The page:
sustainablility and eating

Eating for sustainability and better health

Sustainability is a term we hear more and more, but what does that have to do with eating and health? The main concept is that we can choose food that is both healthy for our bodies and doesn’t contribute to the destruction of our environment.

Specifically, sustainable eating means choosing foods with a consciousness to protect the diversity of our plants and animals as well preserving our natural resources, such as water. It means choosing foods that don’t contribute less to climate change. Many include humane treatment of farm animals, and protecting the health of agricultural workers as part of sustainability.

The good thing is that if you eat sustainably, you will be eating in a healthier way as well. Here are a few hints to help you become a more sustainable food consumer.

Eating for sustainability

1) Eat less meat, especially beef

Beef is not only expensive at the supermarket, but it demands a huge environmental cost as well. It has been said that “There may be no other single human activity that has a bigger impact on the planet than the raising of livestock”. A cow consumes from 75 to 300 kg. of dry matter (grass or grain) to produce one kilogram of protein.

A 2013 United Nations report estimated that the raising of livestock is responsible for 14% of all greenhouse gas emissions, which is equal to the contribution to the global emissions from all cars, trucks, busses, and other transport combined. For every kilogram of beef consumed, 27 kg. of greenhouse gases are produced. Pork is less damaging to the environment, with 12 kg. of gases produced for each kilogram consumed, and chicken is the most climate efficient meat (7 kg. of gases produced for each kg. consumed).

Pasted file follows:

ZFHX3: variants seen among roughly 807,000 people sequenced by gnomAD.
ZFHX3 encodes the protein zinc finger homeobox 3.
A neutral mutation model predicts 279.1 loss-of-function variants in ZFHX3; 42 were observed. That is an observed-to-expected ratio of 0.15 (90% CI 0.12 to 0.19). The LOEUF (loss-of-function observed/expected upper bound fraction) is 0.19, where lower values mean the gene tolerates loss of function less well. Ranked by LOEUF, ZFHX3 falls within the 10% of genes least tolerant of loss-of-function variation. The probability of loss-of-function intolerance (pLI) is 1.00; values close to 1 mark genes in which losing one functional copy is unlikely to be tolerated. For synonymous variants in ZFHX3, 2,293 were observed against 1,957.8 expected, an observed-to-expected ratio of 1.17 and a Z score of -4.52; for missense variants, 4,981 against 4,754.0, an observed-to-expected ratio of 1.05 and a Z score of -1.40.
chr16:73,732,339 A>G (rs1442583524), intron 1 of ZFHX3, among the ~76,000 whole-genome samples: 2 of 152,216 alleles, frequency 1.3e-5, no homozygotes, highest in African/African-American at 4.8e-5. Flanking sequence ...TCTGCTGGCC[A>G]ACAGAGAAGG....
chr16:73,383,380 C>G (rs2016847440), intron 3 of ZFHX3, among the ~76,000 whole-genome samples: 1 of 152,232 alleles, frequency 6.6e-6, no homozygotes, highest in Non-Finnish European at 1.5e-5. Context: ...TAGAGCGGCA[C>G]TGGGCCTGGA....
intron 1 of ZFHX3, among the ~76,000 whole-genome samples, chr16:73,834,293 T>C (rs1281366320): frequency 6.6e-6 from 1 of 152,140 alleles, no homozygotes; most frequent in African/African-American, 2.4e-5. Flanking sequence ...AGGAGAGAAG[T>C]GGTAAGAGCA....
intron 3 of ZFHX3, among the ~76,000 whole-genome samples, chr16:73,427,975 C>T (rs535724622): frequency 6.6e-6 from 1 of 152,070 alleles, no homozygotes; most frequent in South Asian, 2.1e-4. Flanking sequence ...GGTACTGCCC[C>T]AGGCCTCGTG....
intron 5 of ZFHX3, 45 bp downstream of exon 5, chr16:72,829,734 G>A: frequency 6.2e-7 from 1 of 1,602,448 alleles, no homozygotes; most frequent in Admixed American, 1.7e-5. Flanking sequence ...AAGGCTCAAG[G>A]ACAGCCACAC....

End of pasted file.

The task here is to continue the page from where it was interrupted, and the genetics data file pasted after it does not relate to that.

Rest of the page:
So if you eat beef every day, you might switch to chicken a few days a week, or even better, consider legumes and beans as additional protein sources. These are hugely less damaging to the environment, and also much healthier, supplying you with fiber and antioxidants, while avoiding the saturated fats found especially in beef.

2) Avoid processed food

By definition, processed food—for example, salami, bacon, breakfast cereals, convenience or junk food, sodas, packaged snacks, and canned foods—require much more resources than food you make yourself. Generally, processed foods contain chemicals that have been linked to the development of cancer, and the processing often strips away the healthy antioxidants and nutrients.

3) Shop at your farmer’s market

Vegetables from large chain stores are more likely to have been transported a long distance to get to the store. Not only does this waste gas, increase traffic and pollution, but also the longer the produce takes to get to you, the more nutrition is looses. So to eat healthier, buy local.

 4) Buy organic when you can

Yes, organic does cost more but it takes much more care to produce vegetables, fruits, eggs, and meats that are raised without chemicals, hormones, or pesticides. And, while the research is not definitive, since organics are raised in healthier soil and environments, they are often richer in anti-oxidants, flavonoids, vitamins, minerals and other nutrients. Organic farming respects the soil and protects it for future generations.

We have just scratched the surface of this topic, but we hope that these hints will help you think more carefully about what you eat. And fortunately, often what is good for the planet is good for our bodies as well.

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See also in ProcuraMed:

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Esta postagem também está disponível em: Portuguese (Brazil)